Government silence on GDPR leaves businesses in dark

Businesses need more leadership from the government about the future for the UK’s anti-money laundering and GDPR laws, according to Martin Schofield of RFS Financial Crime.

Businesses need more leadership from the government about the future for the UK’s anti-money laundering laws and other forthcoming regulations, such as the General Data Protection Regulation (GDPR), claims one of the country’s leading financial crime and compliance trainers.

‘Companies are having to implement changes to the way they operate due to the newly implemented Money Laundering Regulations 2017, whilst also preparing for the introduction of the GDPR. With the requirements of these legislative pieces emanating from within the EU, businesses are required to implement and prepare for what could be very costly changes with too little assurances being provided of what the future holds for the UK legislative environment following Brexit,’ says Vivek Dodd, director at Skillcast, a corporate e-learning provider.

His views were backed by Martin Schofield, director financial crime at RFS Financial Crime, who partner with Skillcast to produce financial crime training.

‘Businesses we deal with have said they are more than slightly concerned about implementing costly changes following MLD4, and preparing for other legislative changes such as GDPR, without any assurances whatsoever as to what will happen once we leave the EU,’ says Schofield.

‘With a number of firms still developing and progressing their thought processes to view compliance as a ‘value add’ department rather than just a hit to the firm’s bottom line, it is often the case that Compliance Departments receive a limited budget to prepare for and implement change, when there are other financial pressures to running a business, and those in charge are obviously wondering what the future holds in terms of further expenditure if laws change,’ he adds.

He continues, ‘firms are understandably concerned that they may invest now in change to implement new and forthcoming laws, essentially derived from the requirements of the EU, without any insight as to whether they will see a return on this investment, i.e. will the laws remain as written post separation, or will the government seek to change these laws in a bid to prove to the Brexiteers that their call to arms was valid, and now, under its own legislative control, the UK can step away from the requirements of the EU and use the laws on hot topics such as, AML and Data Protection as cases in point.

‘As the MLD4 is essentially derived from the requirements of the 2012 FATF recommendations, of which the UK is a direct member, we expect to comply with this EU directive anyway. So, an assurance from the government in this respect would not be too hard to achieve, and if that’s not forthcoming, is there anything that businesses should be reading between the lines?’ he adds.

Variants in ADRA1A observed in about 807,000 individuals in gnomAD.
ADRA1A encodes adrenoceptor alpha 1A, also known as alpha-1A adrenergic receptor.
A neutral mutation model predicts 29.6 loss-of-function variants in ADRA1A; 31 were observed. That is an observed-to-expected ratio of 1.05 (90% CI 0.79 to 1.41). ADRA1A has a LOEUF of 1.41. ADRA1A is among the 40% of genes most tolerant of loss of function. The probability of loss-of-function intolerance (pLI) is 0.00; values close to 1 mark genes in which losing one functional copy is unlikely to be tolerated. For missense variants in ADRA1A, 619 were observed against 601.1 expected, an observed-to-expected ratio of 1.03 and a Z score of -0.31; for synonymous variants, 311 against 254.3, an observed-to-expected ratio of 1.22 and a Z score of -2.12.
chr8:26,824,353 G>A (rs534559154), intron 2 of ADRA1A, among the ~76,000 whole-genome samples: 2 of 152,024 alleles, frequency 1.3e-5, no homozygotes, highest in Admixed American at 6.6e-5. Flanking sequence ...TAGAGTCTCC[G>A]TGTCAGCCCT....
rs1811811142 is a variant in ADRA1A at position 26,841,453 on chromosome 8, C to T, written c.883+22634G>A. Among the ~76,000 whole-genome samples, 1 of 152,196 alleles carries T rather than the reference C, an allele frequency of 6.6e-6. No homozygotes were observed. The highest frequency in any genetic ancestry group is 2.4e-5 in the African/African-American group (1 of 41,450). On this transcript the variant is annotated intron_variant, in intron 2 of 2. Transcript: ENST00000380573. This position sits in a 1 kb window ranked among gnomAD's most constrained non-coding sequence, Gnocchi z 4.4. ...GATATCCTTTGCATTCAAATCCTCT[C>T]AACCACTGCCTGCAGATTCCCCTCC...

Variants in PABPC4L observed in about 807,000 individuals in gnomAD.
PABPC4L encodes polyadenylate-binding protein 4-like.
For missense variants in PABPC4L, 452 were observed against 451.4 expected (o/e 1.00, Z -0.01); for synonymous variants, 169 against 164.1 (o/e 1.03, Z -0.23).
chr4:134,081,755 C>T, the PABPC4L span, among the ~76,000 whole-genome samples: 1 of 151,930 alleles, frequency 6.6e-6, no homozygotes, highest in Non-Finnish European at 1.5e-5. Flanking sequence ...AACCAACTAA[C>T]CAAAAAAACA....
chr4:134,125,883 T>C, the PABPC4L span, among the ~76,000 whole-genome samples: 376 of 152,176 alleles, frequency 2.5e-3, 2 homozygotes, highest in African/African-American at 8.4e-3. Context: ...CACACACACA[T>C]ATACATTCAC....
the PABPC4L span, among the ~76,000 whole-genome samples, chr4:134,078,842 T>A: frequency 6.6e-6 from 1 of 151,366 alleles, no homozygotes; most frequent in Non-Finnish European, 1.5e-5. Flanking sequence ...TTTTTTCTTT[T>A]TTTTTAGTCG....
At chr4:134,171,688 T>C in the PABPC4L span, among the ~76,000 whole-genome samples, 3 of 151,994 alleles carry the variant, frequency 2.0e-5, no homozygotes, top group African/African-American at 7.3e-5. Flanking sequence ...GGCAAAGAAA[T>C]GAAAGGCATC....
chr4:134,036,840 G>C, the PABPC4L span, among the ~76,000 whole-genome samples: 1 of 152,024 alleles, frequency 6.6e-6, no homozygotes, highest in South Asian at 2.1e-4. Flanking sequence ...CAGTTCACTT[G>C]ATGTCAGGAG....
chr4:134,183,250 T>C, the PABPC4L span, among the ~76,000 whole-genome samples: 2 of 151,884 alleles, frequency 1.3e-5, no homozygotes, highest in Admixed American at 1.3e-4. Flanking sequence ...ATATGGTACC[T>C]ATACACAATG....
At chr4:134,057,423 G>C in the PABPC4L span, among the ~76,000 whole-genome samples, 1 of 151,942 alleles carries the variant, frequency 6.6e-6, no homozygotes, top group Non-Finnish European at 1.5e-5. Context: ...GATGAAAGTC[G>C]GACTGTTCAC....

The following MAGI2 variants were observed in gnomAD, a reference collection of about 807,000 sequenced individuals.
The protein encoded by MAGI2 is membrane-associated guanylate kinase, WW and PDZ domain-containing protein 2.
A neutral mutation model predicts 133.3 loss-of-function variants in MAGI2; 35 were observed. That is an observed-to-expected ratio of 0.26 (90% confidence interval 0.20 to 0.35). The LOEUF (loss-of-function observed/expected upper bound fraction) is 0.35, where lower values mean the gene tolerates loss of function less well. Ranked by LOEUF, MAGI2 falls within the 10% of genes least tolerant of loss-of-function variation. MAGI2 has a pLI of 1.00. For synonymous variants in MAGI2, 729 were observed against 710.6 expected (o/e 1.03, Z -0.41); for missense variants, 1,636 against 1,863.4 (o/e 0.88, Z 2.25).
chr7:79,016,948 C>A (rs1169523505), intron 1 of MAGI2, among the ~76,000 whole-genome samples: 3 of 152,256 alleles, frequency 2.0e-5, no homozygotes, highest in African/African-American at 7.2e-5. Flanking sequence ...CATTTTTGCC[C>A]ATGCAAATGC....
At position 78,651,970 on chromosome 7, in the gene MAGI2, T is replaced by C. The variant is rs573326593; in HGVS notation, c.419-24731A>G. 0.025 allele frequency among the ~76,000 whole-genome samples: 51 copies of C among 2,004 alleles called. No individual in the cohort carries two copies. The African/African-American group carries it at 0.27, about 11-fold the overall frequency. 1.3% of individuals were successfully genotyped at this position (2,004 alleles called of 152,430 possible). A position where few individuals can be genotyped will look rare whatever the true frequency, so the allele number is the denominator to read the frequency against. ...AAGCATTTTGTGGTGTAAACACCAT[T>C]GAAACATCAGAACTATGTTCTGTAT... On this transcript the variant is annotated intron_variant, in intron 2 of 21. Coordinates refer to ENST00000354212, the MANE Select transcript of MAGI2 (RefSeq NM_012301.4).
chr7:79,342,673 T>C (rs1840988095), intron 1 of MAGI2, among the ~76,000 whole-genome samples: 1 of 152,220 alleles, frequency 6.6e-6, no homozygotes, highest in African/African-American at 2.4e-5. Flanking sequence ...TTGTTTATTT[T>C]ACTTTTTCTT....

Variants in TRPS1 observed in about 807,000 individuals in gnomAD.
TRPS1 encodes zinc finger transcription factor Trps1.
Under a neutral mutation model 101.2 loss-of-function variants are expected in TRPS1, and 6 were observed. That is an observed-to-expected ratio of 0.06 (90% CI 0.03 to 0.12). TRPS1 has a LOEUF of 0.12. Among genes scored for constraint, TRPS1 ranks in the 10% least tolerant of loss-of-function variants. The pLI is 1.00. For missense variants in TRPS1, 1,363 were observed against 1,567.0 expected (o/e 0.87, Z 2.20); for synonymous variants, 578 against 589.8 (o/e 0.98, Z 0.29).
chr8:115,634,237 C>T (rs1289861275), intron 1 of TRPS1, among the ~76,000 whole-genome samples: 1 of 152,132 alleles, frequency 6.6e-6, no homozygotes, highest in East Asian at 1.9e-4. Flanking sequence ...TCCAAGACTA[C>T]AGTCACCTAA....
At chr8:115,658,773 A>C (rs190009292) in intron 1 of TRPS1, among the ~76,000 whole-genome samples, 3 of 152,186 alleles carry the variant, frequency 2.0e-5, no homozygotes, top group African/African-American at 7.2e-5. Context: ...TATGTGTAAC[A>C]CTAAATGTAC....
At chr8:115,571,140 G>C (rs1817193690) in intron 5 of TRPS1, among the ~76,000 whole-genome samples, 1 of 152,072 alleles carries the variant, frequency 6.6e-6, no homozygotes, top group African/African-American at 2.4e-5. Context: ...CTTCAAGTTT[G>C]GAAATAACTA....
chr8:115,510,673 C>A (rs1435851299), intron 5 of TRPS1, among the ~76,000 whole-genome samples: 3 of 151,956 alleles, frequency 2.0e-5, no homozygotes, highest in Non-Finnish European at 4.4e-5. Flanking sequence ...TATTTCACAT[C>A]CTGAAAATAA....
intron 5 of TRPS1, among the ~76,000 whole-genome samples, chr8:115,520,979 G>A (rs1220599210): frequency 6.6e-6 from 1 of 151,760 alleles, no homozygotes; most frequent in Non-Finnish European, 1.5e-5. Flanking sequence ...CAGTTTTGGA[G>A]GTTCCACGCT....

Earlier in the summer, the Great Repeal Bill entered parliament, with the government having to decide which of the 19,000 EU laws are to be kept after the UK formally exits the EU in March 2019, and by which time businesses across the UK are expected to comply with MLD4 and GDPR.

Mr Dodd said Skillcast’s view was businesses have been calling for certainty and this is this is one area where the government can provide it without losing too much on its negotiating position, and added that the government should take a unified approach with the EU towards financial crime, data protection and other areas of compliance.

‘It would appear to be common-sense to do this.’ he says.

‘If the UK tightens its controls, we may make our country a more difficult place for financial crime. However, if that leads to the perception of overly stringent controls and red tape, it will put the UK out of step with the rest of the EU resulting in companies moving abroad or being unable to do business with companies in the EU and other jurisdictions. Conversely, relaxing the regulations may make us more competitive, but also more attractive to criminals.

‘And that may result in the UK becoming a less favourable country to do business with, across the EU and the world, because of the increased regulatory risk that we present. One example of that would be the reluctance of our business partners in the EU to share personal data with companies in the UK, wreaking havoc on our services businesses, such as law firms and accountants. From the perspective of such businesses, the EU Directives are goldilocks of regulations, not too hot or too cold, but just right.’

He added that at the moment business has been told to carry on as normal and Brexit won’t alter anything, but no one knows what may be planned in the future first few years following Brexit.

‘We are not under any illusions about how difficult the whole Brexit process is, but there really needs to be more clarity than we are seeing right now,’ says Mr Dodd.

‘In today’s world, it is clear to everyone that as much needs to be done as possible to fight financial crime and terrorist financing in a way that is effective and yet not placing the UK out line with the rest of the world,’ he adds.

‘Is Brexit a good or bad thing? Who knows, time will tell. But one thing is certain, the UK cannot remain an island in regulatory compliance.’

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